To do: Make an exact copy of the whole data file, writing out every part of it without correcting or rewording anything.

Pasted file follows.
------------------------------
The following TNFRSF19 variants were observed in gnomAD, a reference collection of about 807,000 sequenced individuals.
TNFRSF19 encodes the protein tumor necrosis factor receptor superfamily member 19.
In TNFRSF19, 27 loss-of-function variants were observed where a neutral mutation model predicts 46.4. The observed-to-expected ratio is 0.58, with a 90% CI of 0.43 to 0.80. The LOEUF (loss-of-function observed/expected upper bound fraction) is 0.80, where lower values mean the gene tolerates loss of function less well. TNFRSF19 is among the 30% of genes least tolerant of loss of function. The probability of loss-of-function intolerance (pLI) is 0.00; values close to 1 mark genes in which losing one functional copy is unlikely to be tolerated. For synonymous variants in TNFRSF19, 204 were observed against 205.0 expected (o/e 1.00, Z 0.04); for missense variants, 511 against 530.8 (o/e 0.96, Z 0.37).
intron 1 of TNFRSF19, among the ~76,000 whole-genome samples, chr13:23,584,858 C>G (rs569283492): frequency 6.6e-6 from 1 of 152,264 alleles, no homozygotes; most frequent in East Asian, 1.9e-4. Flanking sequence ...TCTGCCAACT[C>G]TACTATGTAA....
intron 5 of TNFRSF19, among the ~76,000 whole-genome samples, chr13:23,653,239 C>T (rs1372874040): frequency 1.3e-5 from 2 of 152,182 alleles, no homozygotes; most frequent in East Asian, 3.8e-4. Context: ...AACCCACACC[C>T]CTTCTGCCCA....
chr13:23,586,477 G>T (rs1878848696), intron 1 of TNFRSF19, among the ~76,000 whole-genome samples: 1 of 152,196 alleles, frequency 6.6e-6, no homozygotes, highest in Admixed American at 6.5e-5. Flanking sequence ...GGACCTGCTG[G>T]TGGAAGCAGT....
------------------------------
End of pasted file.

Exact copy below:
The following TNFRSF19 variants were observed in gnomAD, a reference collection of about 807,000 sequenced individuals.
TNFRSF19 encodes the protein tumor necrosis factor receptor superfamily member 19.
In TNFRSF19, 27 loss-of-function variants were observed where a neutral mutation model predicts 46.4. The observed-to-expected ratio is 0.58, with a 90% CI of 0.43 to 0.80. The LOEUF (loss-of-function observed/expected upper bound fraction) is 0.80, where lower values mean the gene tolerates loss of function less well. TNFRSF19 is among the 30% of genes least tolerant of loss of function. The probability of loss-of-function intolerance (pLI) is 0.00; values close to 1 mark genes in which losing one functional copy is unlikely to be tolerated. For synonymous variants in TNFRSF19, 204 were observed against 205.0 expected (o/e 1.00, Z 0.04); for missense variants, 511 against 530.8 (o/e 0.96, Z 0.37).
intron 1 of TNFRSF19, among the ~76,000 whole-genome samples, chr13:23,584,858 C>G (rs569283492): frequency 6.6e-6 from 1 of 152,264 alleles, no homozygotes; most frequent in East Asian, 1.9e-4. Flanking sequence ...TCTGCCAACT[C>G]TACTATGTAA....
intron 5 of TNFRSF19, among the ~76,000 whole-genome samples, chr13:23,653,239 C>T (rs1372874040): frequency 1.3e-5 from 2 of 152,182 alleles, no homozygotes; most frequent in East Asian, 3.8e-4. Context: ...AACCCACACC[C>T]CTTCTGCCCA....
chr13:23,586,477 G>T (rs1878848696), intron 1 of TNFRSF19, among the ~76,000 whole-genome samples: 1 of 152,196 alleles, frequency 6.6e-6, no homozygotes, highest in Admixed American at 6.5e-5. Flanking sequence ...GGACCTGCTG[G>T]TGGAAGCAGT....